The black earths, or mollisols (Seventh Approximation), are the richest soils on the planet. Known as chernozems in the Russian language (chernaya, meaning "black," and zemlya, meaning "earth"), they are found in semiarid grasslands, or steppes, which are wedged between arid deserts and humid forests. In the Soviet successor states, black earths stretch west to east from Moldavia and Volyno-Podolia in western Ukraine to the Russian North Caucasus and deep into Siberia as a steadily narrowing wedge to Irkutsk near Lake Baikal. Transitional between areas with a soil moisture surplus (forests) and areas with a conspicuous soil moisture deficit (deserts), grassland soils are only slightly leached during sporadic thunderstorms. The relative lack of precipitation ensures that solubles like calcium (Ca), sodium (Na), potassium (K), and magnesium (Mg) are accessible to the uppermost humus layer (horizon) of the soil. The A-horizon consists of grass litter and extensive root systems that draw on a thick black to chestnut-brown humus zone that is rich in ionized colloids and natural fertility. The underlying B-horizon often possesses nodules of calcium carbonate, which during frequent droughts rises to the A-horizon through capillary action. Windblown silts known as loess further enrich chernozems by imparting a loamy soil texture.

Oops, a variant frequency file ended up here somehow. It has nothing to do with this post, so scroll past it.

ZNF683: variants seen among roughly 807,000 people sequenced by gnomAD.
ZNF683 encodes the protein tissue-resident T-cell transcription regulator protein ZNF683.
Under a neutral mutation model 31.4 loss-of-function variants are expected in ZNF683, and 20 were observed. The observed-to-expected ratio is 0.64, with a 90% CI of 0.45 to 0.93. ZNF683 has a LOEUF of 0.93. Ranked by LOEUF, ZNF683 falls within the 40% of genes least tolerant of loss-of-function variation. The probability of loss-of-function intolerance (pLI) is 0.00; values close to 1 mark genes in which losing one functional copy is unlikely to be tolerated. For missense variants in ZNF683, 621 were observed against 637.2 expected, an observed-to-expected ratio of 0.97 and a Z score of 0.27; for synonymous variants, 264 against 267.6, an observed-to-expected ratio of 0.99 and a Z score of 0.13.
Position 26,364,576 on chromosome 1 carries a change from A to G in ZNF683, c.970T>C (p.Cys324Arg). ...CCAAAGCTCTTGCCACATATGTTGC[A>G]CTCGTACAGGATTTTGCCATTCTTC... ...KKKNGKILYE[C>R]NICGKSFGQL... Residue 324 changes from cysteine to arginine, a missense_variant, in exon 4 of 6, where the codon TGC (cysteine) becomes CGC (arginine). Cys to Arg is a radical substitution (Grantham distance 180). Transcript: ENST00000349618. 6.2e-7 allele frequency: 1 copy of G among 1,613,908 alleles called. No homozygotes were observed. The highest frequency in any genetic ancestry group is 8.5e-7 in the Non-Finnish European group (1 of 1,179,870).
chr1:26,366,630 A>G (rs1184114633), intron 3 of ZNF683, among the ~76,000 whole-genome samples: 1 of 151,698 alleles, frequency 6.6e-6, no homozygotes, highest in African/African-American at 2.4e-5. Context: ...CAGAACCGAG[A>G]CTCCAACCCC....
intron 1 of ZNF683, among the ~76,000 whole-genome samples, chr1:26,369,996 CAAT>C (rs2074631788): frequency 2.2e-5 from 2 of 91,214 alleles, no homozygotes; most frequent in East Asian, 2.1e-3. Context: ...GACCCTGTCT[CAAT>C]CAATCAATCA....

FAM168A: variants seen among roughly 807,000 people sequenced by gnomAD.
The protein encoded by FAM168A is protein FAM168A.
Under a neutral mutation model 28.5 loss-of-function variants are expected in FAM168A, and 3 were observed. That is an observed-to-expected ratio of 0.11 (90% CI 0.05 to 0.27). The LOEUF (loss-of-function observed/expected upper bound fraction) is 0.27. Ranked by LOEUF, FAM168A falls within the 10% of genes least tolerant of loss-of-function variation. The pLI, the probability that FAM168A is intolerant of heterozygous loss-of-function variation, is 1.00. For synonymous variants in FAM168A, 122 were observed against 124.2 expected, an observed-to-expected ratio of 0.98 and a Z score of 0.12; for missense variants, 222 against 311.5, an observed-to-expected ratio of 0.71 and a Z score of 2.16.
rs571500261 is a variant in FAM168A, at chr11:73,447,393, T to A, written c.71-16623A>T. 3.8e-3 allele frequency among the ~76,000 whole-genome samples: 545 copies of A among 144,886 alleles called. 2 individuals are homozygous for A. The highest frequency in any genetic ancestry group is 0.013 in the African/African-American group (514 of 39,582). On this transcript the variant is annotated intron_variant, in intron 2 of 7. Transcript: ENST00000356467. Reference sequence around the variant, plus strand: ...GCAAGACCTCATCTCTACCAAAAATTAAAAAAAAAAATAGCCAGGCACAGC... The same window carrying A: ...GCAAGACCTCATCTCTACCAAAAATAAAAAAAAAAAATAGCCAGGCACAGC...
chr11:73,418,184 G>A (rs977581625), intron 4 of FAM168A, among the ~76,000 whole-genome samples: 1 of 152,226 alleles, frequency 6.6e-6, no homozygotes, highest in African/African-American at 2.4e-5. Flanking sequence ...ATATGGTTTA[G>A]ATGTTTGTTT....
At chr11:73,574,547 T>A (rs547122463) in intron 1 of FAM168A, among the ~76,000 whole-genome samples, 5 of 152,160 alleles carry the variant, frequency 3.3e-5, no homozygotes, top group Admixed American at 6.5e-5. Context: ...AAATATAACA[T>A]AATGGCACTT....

Chernozems form in areas of cold winters and hot summers that are conducive to rapid evaporation. The resultant imbalance encourages the capillary rise of soluble nutrients from the B- to the A-horizon. Grasses thrive in these conditions, but their matted root systems create a sod that could not be breached by early wooden plows. Accordingly, until the invention of the steel-tipped plow in the 1800s, settlers considered grasslands useless. Requiring irrigation, the black earths now make up the great commercial grain belts.
See also: agriculture; climate; geography
Strahler, Arthur N. (1969). Physical Geography, 3rd ed. New York: Wiley.
Victor L. Mote